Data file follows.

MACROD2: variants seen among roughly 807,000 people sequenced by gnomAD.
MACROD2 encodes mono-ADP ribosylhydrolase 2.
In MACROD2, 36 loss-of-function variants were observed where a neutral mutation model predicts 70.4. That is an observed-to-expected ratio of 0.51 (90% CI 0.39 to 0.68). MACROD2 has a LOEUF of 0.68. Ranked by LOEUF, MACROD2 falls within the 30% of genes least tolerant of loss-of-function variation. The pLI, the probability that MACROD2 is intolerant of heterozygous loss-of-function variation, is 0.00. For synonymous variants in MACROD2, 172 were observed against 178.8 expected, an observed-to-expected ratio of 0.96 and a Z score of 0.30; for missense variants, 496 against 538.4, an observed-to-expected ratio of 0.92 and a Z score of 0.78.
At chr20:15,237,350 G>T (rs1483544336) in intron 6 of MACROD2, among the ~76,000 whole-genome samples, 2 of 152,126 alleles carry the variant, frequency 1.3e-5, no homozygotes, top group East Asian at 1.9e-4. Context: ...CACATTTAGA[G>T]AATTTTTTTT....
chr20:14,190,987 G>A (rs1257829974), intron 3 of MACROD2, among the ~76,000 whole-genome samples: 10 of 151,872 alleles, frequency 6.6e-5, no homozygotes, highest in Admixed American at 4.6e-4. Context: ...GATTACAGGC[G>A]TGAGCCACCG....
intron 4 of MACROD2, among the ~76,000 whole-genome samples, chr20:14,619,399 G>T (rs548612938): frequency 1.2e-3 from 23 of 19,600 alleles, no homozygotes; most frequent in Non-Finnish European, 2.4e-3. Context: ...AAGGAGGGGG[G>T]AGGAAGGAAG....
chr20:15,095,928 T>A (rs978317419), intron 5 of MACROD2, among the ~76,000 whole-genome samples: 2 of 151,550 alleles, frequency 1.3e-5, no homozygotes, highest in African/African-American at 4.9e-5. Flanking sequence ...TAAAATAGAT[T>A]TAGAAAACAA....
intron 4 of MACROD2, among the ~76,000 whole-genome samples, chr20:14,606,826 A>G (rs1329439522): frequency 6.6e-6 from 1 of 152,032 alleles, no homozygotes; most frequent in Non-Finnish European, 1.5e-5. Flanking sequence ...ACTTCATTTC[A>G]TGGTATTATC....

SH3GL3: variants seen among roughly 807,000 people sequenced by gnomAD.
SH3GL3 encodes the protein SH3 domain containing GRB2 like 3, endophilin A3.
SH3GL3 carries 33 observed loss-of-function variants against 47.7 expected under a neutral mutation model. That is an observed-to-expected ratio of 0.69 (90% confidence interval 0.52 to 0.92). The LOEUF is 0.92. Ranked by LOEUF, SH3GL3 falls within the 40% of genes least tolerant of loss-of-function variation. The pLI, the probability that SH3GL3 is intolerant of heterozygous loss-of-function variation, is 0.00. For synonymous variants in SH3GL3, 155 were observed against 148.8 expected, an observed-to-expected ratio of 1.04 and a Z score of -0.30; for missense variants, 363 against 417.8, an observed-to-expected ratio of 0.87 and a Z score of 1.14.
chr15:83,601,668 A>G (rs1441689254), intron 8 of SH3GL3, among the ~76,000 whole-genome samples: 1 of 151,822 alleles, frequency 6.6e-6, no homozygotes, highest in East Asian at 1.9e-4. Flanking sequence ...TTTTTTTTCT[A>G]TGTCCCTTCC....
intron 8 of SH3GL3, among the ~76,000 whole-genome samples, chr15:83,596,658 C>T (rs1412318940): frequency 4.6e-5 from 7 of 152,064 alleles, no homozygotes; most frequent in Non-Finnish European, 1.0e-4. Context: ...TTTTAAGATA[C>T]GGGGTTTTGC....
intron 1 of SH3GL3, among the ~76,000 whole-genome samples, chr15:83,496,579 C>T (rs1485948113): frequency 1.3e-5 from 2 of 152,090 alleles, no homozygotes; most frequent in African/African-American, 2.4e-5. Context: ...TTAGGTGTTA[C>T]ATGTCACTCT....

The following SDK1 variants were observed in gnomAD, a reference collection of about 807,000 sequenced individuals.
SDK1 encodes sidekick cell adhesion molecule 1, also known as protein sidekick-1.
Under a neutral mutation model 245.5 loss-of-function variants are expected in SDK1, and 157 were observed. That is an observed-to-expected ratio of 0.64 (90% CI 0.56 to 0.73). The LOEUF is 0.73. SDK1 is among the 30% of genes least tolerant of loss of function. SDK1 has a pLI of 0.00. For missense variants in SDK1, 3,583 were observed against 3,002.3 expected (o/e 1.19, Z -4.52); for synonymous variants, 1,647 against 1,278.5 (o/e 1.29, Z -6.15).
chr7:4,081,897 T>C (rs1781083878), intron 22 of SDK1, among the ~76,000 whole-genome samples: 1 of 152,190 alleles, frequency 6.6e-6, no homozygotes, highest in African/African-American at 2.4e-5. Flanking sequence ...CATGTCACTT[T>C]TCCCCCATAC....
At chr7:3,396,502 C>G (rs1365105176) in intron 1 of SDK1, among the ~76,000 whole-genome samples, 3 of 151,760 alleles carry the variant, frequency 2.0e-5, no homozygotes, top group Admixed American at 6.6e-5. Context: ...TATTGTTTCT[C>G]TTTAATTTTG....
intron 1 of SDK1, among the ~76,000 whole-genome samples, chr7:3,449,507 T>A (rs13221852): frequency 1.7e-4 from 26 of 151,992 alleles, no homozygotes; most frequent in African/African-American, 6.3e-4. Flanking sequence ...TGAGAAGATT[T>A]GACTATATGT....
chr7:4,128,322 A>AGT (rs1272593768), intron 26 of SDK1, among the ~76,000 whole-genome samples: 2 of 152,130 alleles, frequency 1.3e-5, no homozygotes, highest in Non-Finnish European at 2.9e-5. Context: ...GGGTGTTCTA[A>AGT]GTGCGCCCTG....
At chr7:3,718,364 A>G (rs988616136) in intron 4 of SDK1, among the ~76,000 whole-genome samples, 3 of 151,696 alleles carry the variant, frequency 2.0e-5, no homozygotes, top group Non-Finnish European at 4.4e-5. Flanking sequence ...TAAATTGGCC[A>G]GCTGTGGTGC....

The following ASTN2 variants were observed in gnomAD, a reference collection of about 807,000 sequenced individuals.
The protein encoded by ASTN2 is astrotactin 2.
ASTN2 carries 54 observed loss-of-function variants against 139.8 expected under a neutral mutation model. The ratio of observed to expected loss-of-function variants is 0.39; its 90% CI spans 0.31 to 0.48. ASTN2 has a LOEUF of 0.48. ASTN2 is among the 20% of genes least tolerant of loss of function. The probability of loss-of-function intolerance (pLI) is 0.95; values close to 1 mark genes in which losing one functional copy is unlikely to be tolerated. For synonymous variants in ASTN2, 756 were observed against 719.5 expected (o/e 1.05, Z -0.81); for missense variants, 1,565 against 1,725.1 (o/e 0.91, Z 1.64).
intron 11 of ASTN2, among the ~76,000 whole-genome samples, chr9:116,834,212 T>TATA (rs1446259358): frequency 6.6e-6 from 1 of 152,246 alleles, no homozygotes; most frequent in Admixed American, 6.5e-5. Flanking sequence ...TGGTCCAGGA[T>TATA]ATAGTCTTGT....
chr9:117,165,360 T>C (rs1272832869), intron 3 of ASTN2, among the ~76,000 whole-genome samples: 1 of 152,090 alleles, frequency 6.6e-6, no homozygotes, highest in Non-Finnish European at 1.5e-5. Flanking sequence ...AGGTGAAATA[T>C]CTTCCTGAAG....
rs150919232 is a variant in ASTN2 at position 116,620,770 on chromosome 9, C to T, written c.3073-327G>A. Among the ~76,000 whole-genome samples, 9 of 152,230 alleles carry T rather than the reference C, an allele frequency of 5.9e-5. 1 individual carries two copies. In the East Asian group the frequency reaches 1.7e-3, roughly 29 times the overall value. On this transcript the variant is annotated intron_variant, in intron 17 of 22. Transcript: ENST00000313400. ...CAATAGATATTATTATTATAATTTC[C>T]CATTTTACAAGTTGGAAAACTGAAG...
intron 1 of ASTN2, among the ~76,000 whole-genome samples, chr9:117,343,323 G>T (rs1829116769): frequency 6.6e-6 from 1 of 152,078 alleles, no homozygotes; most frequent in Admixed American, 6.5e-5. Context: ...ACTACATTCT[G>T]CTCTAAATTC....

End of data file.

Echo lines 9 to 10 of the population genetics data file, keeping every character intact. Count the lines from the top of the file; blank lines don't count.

SH3GL3: variants seen among roughly 807,000 people sequenced by gnomAD.
SH3GL3 encodes the protein SH3 domain containing GRB2 like 3, endophilin A3.